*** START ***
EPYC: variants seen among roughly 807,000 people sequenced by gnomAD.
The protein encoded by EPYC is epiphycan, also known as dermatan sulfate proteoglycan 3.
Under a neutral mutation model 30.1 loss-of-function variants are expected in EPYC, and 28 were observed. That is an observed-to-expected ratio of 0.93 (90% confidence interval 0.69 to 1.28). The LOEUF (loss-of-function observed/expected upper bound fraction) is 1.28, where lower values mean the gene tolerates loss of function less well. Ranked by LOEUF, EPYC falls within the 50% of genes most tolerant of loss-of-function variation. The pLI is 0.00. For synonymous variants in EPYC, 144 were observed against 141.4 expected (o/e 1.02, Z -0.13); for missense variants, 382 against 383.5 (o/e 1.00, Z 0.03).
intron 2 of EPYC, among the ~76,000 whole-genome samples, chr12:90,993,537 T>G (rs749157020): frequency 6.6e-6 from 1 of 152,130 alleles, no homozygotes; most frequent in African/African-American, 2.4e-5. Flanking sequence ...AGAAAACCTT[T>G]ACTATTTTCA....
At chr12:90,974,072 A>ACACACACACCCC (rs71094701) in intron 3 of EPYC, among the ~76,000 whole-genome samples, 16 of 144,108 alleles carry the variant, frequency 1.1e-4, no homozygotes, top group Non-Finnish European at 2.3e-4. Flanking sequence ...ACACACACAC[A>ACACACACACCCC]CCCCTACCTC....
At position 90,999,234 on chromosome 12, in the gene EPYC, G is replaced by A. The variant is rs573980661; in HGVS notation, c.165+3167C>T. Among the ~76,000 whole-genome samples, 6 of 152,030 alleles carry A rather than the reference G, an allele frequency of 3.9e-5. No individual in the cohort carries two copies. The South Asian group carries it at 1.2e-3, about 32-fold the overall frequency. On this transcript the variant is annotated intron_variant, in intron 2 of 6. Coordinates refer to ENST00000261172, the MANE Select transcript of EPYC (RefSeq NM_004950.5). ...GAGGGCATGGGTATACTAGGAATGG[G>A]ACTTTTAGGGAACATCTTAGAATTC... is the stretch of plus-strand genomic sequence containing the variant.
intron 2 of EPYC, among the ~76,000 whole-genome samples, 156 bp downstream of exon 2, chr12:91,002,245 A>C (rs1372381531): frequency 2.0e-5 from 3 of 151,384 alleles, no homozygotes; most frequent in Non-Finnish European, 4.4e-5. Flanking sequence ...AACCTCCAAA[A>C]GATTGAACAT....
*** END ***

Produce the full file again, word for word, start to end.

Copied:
EPYC: variants seen among roughly 807,000 people sequenced by gnomAD.
The protein encoded by EPYC is epiphycan, also known as dermatan sulfate proteoglycan 3.
Under a neutral mutation model 30.1 loss-of-function variants are expected in EPYC, and 28 were observed. That is an observed-to-expected ratio of 0.93 (90% confidence interval 0.69 to 1.28). The LOEUF (loss-of-function observed/expected upper bound fraction) is 1.28, where lower values mean the gene tolerates loss of function less well. Ranked by LOEUF, EPYC falls within the 50% of genes most tolerant of loss-of-function variation. The pLI is 0.00. For synonymous variants in EPYC, 144 were observed against 141.4 expected (o/e 1.02, Z -0.13); for missense variants, 382 against 383.5 (o/e 1.00, Z 0.03).
intron 2 of EPYC, among the ~76,000 whole-genome samples, chr12:90,993,537 T>G (rs749157020): frequency 6.6e-6 from 1 of 152,130 alleles, no homozygotes; most frequent in African/African-American, 2.4e-5. Flanking sequence ...AGAAAACCTT[T>G]ACTATTTTCA....
At chr12:90,974,072 A>ACACACACACCCC (rs71094701) in intron 3 of EPYC, among the ~76,000 whole-genome samples, 16 of 144,108 alleles carry the variant, frequency 1.1e-4, no homozygotes, top group Non-Finnish European at 2.3e-4. Flanking sequence ...ACACACACAC[A>ACACACACACCCC]CCCCTACCTC....
At position 90,999,234 on chromosome 12, in the gene EPYC, G is replaced by A. The variant is rs573980661; in HGVS notation, c.165+3167C>T. Among the ~76,000 whole-genome samples, 6 of 152,030 alleles carry A rather than the reference G, an allele frequency of 3.9e-5. No individual in the cohort carries two copies. The South Asian group carries it at 1.2e-3, about 32-fold the overall frequency. On this transcript the variant is annotated intron_variant, in intron 2 of 6. Coordinates refer to ENST00000261172, the MANE Select transcript of EPYC (RefSeq NM_004950.5). ...GAGGGCATGGGTATACTAGGAATGG[G>A]ACTTTTAGGGAACATCTTAGAATTC... is the stretch of plus-strand genomic sequence containing the variant.
intron 2 of EPYC, among the ~76,000 whole-genome samples, 156 bp downstream of exon 2, chr12:91,002,245 A>C (rs1372381531): frequency 2.0e-5 from 3 of 151,384 alleles, no homozygotes; most frequent in Non-Finnish European, 4.4e-5. Flanking sequence ...AACCTCCAAA[A>C]GATTGAACAT....